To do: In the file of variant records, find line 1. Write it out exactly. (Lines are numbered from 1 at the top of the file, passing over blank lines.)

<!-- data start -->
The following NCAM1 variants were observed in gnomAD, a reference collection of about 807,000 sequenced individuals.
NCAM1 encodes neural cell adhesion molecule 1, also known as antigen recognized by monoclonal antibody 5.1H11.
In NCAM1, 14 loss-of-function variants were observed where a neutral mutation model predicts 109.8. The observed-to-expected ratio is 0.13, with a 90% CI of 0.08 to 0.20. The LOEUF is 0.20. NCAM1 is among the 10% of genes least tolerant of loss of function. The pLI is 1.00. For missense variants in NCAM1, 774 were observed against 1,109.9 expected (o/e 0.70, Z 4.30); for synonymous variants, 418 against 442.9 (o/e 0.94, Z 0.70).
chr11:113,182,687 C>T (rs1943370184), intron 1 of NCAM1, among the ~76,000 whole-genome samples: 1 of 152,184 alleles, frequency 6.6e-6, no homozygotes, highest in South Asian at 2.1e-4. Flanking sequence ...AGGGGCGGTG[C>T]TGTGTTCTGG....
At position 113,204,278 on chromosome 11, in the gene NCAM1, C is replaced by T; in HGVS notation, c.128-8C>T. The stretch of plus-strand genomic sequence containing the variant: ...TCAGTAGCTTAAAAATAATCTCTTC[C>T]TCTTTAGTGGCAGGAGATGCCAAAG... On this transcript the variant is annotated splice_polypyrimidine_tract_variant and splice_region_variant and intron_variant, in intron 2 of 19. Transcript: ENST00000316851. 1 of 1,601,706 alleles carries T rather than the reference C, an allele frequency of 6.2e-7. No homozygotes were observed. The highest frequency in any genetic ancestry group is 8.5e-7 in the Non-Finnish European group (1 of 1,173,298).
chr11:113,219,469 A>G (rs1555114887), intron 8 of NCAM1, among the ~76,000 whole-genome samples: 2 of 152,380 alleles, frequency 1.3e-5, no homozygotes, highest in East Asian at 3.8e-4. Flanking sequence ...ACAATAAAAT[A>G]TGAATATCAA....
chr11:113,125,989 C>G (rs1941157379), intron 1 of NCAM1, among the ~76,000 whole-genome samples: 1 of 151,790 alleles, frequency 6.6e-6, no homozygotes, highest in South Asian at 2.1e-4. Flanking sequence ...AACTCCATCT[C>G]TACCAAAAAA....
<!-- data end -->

The following NCAM1 variants were observed in gnomAD, a reference collection of about 807,000 sequenced individuals.